An all-too-rare moment of common humanity, but it’s a ray of hope:

Egypt’s majority Muslim population stuck to its word Thursday night. What had been a promise of solidarity to the weary Coptic community, was honoured, when thousands of Muslims showed up at Coptic Christmas eve mass services in churches around the country and at candlelight vigils held outside.

From the well-known to the unknown, Muslims had offered their bodies as “human shields” for last night’s mass, making a pledge to collectively fight the threat of Islamic militants and towards an Egypt free from sectarian strife.

“We either live together, or we die together,” was the sloganeering genius of Mohamed El-Sawy, a Muslim arts tycoon whose cultural centre distributed flyers at churches in Cairo Thursday night, and who has been credited with first floating the “human shield” idea.

Among those shields were movie stars Adel Imam and Yousra, popular preacher Amr Khaled, the two sons of President Hosni Mubarak, and thousands of citizens who have said they consider the attack one on Egypt as a whole.

“This is not about us and them,” said Dalia Mustafa, a student who attended mass at Virgin Mary Church on Maraashly. “We are one. This was an attack on Egypt as a whole, and I am standing with the Copts because the only way things will change in this country is if we come together.”

In the days following the brutal attack on Saints Church in Alexandria, which left 21 dead on New Year’ eve, solidarity between Muslims and Copts has seen an unprecedented peak. Millions of Egyptians changed their Facebook profile pictures to the image of a cross within a crescent – the symbol of an “Egypt for All”. Around the city, banners went up calling for unity, and depicting mosques and churches, crosses and crescents, together as one.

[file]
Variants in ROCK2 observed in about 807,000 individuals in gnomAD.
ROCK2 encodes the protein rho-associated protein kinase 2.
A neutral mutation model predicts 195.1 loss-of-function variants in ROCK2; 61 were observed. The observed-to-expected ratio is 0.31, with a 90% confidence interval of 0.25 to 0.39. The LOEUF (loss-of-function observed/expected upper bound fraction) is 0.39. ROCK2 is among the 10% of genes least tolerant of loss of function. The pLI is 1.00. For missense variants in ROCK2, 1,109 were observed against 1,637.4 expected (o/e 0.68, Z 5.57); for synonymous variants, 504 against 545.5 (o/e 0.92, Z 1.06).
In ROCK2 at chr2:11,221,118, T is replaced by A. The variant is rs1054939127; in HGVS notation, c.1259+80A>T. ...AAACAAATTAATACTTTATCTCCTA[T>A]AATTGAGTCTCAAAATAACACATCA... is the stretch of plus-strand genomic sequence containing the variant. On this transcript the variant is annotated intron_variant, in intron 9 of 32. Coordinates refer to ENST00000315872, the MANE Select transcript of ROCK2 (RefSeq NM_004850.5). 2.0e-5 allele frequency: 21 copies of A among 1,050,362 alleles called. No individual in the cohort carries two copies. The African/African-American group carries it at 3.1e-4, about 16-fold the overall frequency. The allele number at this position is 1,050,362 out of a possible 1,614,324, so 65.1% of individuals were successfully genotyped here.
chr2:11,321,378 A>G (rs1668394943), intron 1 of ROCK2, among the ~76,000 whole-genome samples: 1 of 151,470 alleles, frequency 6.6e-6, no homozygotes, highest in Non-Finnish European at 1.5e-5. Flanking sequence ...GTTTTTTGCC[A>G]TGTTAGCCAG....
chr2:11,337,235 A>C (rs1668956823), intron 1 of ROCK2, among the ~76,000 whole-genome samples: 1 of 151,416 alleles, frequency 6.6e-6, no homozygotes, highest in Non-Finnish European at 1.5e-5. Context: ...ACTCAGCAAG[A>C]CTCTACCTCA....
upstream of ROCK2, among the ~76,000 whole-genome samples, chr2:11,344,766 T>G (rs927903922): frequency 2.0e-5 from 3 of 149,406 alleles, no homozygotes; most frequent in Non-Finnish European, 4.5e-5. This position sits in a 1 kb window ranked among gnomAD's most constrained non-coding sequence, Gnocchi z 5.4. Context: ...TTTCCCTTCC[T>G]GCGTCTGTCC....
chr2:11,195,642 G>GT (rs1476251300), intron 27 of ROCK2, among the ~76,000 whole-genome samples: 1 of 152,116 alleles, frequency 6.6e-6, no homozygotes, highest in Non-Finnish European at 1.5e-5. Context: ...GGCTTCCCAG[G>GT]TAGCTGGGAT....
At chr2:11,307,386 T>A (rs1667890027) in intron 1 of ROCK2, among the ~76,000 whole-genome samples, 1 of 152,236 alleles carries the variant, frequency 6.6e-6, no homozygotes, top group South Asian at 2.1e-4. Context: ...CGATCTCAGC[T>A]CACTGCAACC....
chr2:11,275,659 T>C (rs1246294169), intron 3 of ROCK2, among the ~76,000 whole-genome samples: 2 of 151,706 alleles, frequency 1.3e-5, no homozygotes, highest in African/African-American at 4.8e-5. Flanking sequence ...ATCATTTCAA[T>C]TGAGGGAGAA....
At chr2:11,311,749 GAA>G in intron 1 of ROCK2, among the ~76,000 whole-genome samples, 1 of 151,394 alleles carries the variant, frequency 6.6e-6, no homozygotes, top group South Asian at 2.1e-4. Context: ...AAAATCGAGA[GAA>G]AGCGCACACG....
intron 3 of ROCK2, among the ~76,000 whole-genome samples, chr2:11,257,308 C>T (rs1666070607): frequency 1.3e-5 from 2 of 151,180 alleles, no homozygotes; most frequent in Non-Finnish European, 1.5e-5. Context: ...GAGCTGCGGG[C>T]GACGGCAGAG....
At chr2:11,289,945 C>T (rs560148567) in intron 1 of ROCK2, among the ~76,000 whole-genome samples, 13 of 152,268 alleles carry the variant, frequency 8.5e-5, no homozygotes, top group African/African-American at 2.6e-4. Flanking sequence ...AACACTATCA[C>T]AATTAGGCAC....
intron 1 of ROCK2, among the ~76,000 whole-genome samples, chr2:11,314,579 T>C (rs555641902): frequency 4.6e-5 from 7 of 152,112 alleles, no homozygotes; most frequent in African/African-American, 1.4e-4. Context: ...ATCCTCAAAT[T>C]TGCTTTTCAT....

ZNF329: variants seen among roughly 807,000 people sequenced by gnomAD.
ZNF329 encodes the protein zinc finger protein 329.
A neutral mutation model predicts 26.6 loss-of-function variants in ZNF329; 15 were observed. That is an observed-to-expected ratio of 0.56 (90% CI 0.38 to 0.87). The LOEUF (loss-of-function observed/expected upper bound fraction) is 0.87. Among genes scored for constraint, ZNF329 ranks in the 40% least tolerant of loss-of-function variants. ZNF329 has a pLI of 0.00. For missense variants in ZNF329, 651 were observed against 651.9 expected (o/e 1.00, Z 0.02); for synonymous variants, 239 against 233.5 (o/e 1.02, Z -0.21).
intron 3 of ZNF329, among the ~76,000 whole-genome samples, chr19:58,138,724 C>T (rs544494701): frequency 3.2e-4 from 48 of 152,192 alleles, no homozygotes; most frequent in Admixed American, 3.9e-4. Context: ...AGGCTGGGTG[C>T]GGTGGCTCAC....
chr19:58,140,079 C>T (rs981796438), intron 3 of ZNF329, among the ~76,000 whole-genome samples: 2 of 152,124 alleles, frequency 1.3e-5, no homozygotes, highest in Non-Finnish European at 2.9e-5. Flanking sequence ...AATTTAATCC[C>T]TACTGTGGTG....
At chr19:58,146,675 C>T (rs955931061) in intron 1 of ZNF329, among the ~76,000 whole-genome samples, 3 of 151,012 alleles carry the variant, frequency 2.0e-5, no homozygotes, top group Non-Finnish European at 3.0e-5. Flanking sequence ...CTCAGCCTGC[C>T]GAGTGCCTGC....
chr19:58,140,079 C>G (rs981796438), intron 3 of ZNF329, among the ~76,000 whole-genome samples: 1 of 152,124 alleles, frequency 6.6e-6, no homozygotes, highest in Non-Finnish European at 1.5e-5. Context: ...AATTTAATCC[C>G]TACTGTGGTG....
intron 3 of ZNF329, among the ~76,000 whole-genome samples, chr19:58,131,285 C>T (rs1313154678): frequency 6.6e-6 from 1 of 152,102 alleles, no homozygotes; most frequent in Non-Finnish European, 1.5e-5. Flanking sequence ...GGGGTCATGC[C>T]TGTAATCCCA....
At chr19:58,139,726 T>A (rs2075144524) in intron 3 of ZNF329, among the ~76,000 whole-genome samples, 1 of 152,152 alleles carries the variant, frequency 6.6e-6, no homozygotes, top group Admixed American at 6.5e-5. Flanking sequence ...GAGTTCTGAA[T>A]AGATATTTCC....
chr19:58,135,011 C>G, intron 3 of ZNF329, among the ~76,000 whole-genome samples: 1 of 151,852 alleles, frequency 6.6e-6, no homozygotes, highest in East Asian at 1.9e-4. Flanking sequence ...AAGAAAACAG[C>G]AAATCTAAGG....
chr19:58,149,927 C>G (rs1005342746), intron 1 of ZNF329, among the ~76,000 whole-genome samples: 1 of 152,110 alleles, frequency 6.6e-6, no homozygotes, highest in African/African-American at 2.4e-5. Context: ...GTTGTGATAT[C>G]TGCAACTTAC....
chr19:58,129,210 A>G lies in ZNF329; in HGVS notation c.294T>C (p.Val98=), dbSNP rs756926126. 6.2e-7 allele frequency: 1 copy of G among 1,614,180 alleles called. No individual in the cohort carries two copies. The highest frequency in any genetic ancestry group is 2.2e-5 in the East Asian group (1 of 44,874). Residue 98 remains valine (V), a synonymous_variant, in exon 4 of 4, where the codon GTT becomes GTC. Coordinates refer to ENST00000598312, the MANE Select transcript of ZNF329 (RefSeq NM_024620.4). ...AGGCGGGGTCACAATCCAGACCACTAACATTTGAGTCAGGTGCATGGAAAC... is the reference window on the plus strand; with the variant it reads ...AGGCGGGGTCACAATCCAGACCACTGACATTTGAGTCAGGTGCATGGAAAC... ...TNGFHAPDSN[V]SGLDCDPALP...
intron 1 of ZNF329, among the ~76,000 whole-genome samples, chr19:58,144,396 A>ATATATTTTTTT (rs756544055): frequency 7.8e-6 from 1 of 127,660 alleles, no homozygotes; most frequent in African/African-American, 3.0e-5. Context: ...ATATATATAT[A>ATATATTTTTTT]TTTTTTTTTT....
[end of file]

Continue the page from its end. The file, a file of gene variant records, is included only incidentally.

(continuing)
2 thoughts on “Solidarity

  1. What a great story, Susie. It proves that through it all, people are basically decent, despite the “if it bleeds, it leads” news we get every day.

    I work for a small tech company that has customers all over the globe. We have salesmen and agents just about everywhere in the industrialized world except Iran. I have had frank conversations about the state of the world with Muslims from Bangladesh, Pakistan and India, and to a man, none of them resent or hate Americans or Christians. While genuinely admiring America, they do question the heavy-handed clumsy way we go about our business in their part of the world. I remember one of our programmers went to Egypt for a couple of weeks last year and wad completely charmed by the friendliness and hospitality shown not only by his hosts, but by the Egyptians he met on the street.

    It seems to me that most of the conflict and strife we see today emanates from the boardrooms and government seats of power around the world. It may be an un-fixable conundrum because the leaders of the multi-national corporations and the various hot-spot nations around the world assume the worst of people and act accordingly. On the ground and in the streets, everyday people assume the opposite.

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